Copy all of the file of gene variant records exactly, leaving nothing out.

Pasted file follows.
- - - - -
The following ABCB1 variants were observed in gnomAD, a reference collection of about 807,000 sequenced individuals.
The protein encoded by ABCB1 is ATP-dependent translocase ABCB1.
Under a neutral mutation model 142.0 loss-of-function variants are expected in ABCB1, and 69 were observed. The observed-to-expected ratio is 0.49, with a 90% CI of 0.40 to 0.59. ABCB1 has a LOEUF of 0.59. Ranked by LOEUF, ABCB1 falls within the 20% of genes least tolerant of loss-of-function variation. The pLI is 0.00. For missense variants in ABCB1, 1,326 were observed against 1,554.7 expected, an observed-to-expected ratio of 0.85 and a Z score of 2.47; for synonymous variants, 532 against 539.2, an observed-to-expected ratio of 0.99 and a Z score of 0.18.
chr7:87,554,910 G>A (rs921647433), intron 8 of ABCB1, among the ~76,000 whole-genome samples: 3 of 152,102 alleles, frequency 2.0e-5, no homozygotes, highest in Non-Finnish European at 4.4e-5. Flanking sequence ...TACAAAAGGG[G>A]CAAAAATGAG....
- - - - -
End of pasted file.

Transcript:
The following ABCB1 variants were observed in gnomAD, a reference collection of about 807,000 sequenced individuals.
The protein encoded by ABCB1 is ATP-dependent translocase ABCB1.
Under a neutral mutation model 142.0 loss-of-function variants are expected in ABCB1, and 69 were observed. The observed-to-expected ratio is 0.49, with a 90% CI of 0.40 to 0.59. ABCB1 has a LOEUF of 0.59. Ranked by LOEUF, ABCB1 falls within the 20% of genes least tolerant of loss-of-function variation. The pLI is 0.00. For missense variants in ABCB1, 1,326 were observed against 1,554.7 expected, an observed-to-expected ratio of 0.85 and a Z score of 2.47; for synonymous variants, 532 against 539.2, an observed-to-expected ratio of 0.99 and a Z score of 0.18.
chr7:87,554,910 G>A (rs921647433), intron 8 of ABCB1, among the ~76,000 whole-genome samples: 3 of 152,102 alleles, frequency 2.0e-5, no homozygotes, highest in Non-Finnish European at 4.4e-5. Flanking sequence ...TACAAAAGGG[G>A]CAAAAATGAG....